• JoAnne Saldanha

'The Village with a Long Name' stretches our imaginations.

While the curly whirly script on the sign boards belie the fact that this book may be set in a village in South India, I felt villages like this could be any where...especially our imaginations, just like it was in Asha Nehemiah’s as she wrote this book.

I ordered it a few months ago from Bangalore based Funky Rainbow, one of the best online sources for Indian published children’s books. Ever since then, I’ve been waiting to use it. So I decided to intersperse my Folk Tales of India unit with this, THE VILLAGE WITH A LONG NAME written by Asha Nehemiah and illustrated by Suvidha Mistry.





The village of ‘Thaiyum-thatha-thaiyum-thaha-taka-dhimi-chimmy-shimmy-pur’ had streets with very long names…how would they be depicted on sign boards? How would you write the addresses on letters? The villagers are used to these very long names and easily circumvent any problems they may cause. But it takes is one wrong delivery of laddoos, to send mayhem their way!

Foxed? Then you need the book to find out.


This book is eye-poppingly colourful and catchy and my students interests were piqued by just showing them the cover. The interesting characters appealed to them, they were brought to life by the wonderful illustrations. But nothing was as catchy as the names of the streets in the village. They rollicked with laughter and waited to hear each new name emerge. They waited to figure out the ‘theme’ of each street name and jumped up and down with excitement, eyes filled with the delight of victory, when they got it right.


I challenged my younger elementary children to come up with very long names for villages, requesting them to think of themes and keep rhythm and rhyme in mind. I found that the one hour class was not enough to help them think in a theme and they preferred to make up names in gibberish…gibberish being a new word they learnt that day and they milked it all they could. They laughed as they created names and laughed at each other's village names.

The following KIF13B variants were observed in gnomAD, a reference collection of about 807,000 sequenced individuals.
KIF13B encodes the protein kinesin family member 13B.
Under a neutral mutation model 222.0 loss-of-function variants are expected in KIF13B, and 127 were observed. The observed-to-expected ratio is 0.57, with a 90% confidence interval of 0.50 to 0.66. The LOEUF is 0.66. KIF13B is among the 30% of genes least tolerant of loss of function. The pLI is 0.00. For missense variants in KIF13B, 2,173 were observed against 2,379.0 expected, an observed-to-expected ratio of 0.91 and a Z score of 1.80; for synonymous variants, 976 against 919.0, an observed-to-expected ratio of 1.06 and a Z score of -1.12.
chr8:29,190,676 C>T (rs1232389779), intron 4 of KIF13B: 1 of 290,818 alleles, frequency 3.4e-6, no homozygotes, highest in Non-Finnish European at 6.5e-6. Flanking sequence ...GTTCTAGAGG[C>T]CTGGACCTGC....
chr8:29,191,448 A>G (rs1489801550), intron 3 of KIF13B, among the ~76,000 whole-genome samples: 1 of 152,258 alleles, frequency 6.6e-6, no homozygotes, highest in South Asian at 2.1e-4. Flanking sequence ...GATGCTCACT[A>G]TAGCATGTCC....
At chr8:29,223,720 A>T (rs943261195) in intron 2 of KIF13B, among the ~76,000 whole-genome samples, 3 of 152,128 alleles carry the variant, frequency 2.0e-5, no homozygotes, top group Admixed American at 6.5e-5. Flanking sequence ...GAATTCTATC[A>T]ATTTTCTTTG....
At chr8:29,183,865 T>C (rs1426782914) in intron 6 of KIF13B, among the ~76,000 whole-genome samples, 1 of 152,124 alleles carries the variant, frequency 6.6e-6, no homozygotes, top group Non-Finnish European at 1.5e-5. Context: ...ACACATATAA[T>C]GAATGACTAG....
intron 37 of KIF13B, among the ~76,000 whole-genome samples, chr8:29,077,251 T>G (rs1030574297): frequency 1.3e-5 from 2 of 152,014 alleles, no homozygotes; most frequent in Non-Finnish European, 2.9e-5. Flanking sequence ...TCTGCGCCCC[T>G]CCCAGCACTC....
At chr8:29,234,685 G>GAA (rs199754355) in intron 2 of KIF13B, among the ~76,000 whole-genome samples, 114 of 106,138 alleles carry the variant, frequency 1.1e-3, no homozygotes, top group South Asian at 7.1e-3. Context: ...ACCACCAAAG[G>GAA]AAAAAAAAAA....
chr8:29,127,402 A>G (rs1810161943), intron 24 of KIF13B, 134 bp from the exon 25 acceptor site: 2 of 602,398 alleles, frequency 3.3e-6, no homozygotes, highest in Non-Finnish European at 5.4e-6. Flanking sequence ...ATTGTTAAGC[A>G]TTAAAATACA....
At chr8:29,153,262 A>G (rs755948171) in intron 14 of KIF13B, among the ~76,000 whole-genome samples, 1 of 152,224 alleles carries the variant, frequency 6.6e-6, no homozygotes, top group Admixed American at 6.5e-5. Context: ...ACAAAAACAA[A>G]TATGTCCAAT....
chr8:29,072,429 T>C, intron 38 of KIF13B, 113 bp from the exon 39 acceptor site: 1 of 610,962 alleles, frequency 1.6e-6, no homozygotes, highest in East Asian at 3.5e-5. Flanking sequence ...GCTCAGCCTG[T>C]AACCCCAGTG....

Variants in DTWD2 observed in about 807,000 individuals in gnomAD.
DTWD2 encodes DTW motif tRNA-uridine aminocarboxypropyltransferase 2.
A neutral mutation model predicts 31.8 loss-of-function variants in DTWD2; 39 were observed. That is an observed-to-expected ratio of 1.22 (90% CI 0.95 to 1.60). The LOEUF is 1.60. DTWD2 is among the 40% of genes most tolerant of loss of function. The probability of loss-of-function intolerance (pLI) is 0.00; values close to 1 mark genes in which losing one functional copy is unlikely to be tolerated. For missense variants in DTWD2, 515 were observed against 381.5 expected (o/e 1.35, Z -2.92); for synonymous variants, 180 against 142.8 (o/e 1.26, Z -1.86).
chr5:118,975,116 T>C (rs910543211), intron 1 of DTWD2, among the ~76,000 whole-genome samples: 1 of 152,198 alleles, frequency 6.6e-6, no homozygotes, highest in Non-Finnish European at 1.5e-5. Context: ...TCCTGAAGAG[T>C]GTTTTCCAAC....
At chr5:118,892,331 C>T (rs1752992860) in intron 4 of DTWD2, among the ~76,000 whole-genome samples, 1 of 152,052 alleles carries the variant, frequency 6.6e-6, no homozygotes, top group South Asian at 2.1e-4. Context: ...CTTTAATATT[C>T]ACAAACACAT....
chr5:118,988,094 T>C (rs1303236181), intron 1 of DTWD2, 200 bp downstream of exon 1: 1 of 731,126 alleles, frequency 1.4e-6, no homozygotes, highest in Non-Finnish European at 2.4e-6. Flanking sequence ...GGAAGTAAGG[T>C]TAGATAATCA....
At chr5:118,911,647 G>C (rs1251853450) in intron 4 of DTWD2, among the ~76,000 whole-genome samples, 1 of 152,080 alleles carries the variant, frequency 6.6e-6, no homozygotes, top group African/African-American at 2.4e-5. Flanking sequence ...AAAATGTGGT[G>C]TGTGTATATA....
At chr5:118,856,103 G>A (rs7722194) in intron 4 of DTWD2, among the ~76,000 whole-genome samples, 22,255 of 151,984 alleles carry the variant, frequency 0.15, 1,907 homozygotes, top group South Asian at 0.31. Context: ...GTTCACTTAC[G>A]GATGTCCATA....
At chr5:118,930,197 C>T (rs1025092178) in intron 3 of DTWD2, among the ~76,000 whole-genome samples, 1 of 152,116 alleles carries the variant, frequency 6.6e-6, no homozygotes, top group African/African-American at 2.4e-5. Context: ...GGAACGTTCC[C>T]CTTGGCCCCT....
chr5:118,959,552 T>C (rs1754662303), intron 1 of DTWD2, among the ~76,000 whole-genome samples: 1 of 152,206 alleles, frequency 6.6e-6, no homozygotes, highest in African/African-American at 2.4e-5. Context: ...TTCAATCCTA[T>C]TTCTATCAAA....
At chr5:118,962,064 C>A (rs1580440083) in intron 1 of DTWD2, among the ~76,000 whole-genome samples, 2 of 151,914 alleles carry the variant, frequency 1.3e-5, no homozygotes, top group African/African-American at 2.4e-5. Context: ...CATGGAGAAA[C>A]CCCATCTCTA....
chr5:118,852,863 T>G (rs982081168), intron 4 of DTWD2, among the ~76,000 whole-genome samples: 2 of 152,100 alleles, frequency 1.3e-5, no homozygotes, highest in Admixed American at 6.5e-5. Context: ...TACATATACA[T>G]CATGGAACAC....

So, I took this book to my older elementary group who ranged in age from 9-11. They looked at the book with feigned boredom and the look that said, get it over with asap. This is a group that I have been working with on Norse myths and Fractured Fairytales and they were a tad insulted that I would dare to read them a ‘baby’ looking book. But a few paragraphs into the book, those same bored faces began to crack into wee smiles, then bigger ones, they loud guffaws. They loved it!! They victory over their bored looks was mine….well not really. It well and truly deserved to the author and illustrator.


Their challenge was to design a themed village…they were given a random choice of A3 charts, on the back of which I had written themes….Foodie village, Book village, Music, Sports, Science, Fashion etc. They had to design the village based on these themes, think of the shapes of the buildings, the names of places, the streets and the village name, and any other details they felt added to the theme. They worked in pairs, discussing and sharing ideas with their partner before putting it down on paper. The children understood the requirements and although they had a good 30 minutes to complete the activity, they felt the time was not enough for the detail they wished to share. A few named their village with a long name, but more just named them a small appropriate name for their theme.

I’ve explained some of their ideas in the photo descriptions.

I love to see how their imaginations play out, the children never fail to surprise and enchant me with their creations.


Working together to create their 'village'.



The Book Village



A house from Semiqua...the music village



The name of the wotch man from the Food Village....get it? (love their creativity)



The Sports Village


This book is a fun and engaging read aloud choice for primary children, but lends itself to being extended beautifully with the elementary age group.


I have only ever interacted with Asha Nehemiah online, but shamelessly claimed that she was my ‘friend’. I chose to stretch the truth a bit as this association with a person who they only see as a name on the cover of the book, had my younger elementary students fascinated.


They wanted me to tell my ‘friend’ that they loved her book and that it was soooooo funny. Asha....take note.



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